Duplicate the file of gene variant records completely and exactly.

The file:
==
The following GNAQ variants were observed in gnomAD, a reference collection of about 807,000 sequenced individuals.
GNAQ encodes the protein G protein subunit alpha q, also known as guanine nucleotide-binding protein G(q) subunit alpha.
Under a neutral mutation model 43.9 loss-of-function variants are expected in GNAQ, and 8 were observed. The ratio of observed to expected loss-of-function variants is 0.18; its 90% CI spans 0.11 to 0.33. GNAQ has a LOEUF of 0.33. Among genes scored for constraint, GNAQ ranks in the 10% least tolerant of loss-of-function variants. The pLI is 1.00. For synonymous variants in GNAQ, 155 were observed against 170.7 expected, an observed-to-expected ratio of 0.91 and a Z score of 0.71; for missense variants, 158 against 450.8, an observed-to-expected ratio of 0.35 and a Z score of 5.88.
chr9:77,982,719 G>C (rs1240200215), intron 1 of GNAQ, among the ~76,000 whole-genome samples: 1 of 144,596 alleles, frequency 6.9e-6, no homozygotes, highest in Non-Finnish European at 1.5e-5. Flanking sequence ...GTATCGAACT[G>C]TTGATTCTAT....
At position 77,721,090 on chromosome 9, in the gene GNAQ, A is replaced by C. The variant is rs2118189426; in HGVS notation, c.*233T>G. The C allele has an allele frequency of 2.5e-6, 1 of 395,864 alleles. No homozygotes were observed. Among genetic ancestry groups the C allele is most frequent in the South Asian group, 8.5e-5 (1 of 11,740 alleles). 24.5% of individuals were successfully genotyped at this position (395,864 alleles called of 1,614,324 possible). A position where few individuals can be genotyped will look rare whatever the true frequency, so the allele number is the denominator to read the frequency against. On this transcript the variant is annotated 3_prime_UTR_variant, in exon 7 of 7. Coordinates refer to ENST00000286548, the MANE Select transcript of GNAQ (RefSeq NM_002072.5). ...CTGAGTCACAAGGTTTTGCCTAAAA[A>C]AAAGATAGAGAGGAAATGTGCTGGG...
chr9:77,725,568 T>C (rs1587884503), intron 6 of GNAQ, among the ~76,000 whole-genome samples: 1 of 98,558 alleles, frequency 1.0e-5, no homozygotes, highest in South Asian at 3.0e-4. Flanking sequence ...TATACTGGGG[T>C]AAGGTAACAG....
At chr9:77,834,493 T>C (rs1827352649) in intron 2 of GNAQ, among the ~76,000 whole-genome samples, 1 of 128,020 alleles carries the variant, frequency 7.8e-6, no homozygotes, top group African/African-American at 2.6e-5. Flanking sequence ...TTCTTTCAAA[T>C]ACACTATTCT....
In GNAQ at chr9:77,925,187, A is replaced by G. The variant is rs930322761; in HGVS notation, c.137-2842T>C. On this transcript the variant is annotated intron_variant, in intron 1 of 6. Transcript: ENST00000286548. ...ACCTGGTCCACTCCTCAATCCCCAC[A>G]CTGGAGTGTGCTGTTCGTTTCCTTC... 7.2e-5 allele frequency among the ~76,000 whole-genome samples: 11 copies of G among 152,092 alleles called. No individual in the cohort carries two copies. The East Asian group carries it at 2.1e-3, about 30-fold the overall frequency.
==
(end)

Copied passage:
The following GNAQ variants were observed in gnomAD, a reference collection of about 807,000 sequenced individuals.
GNAQ encodes the protein G protein subunit alpha q, also known as guanine nucleotide-binding protein G(q) subunit alpha.
Under a neutral mutation model 43.9 loss-of-function variants are expected in GNAQ, and 8 were observed. The ratio of observed to expected loss-of-function variants is 0.18; its 90% CI spans 0.11 to 0.33. GNAQ has a LOEUF of 0.33. Among genes scored for constraint, GNAQ ranks in the 10% least tolerant of loss-of-function variants. The pLI is 1.00. For synonymous variants in GNAQ, 155 were observed against 170.7 expected, an observed-to-expected ratio of 0.91 and a Z score of 0.71; for missense variants, 158 against 450.8, an observed-to-expected ratio of 0.35 and a Z score of 5.88.
chr9:77,982,719 G>C (rs1240200215), intron 1 of GNAQ, among the ~76,000 whole-genome samples: 1 of 144,596 alleles, frequency 6.9e-6, no homozygotes, highest in Non-Finnish European at 1.5e-5. Flanking sequence ...GTATCGAACT[G>C]TTGATTCTAT....
At position 77,721,090 on chromosome 9, in the gene GNAQ, A is replaced by C. The variant is rs2118189426; in HGVS notation, c.*233T>G. The C allele has an allele frequency of 2.5e-6, 1 of 395,864 alleles. No homozygotes were observed. Among genetic ancestry groups the C allele is most frequent in the South Asian group, 8.5e-5 (1 of 11,740 alleles). 24.5% of individuals were successfully genotyped at this position (395,864 alleles called of 1,614,324 possible). A position where few individuals can be genotyped will look rare whatever the true frequency, so the allele number is the denominator to read the frequency against. On this transcript the variant is annotated 3_prime_UTR_variant, in exon 7 of 7. Coordinates refer to ENST00000286548, the MANE Select transcript of GNAQ (RefSeq NM_002072.5). ...CTGAGTCACAAGGTTTTGCCTAAAA[A>C]AAAGATAGAGAGGAAATGTGCTGGG...
chr9:77,725,568 T>C (rs1587884503), intron 6 of GNAQ, among the ~76,000 whole-genome samples: 1 of 98,558 alleles, frequency 1.0e-5, no homozygotes, highest in South Asian at 3.0e-4. Flanking sequence ...TATACTGGGG[T>C]AAGGTAACAG....
At chr9:77,834,493 T>C (rs1827352649) in intron 2 of GNAQ, among the ~76,000 whole-genome samples, 1 of 128,020 alleles carries the variant, frequency 7.8e-6, no homozygotes, top group African/African-American at 2.6e-5. Flanking sequence ...TTCTTTCAAA[T>C]ACACTATTCT....
In GNAQ at chr9:77,925,187, A is replaced by G. The variant is rs930322761; in HGVS notation, c.137-2842T>C. On this transcript the variant is annotated intron_variant, in intron 1 of 6. Transcript: ENST00000286548. ...ACCTGGTCCACTCCTCAATCCCCAC[A>G]CTGGAGTGTGCTGTTCGTTTCCTTC... 7.2e-5 allele frequency among the ~76,000 whole-genome samples: 11 copies of G among 152,092 alleles called. No individual in the cohort carries two copies. The East Asian group carries it at 2.1e-3, about 30-fold the overall frequency.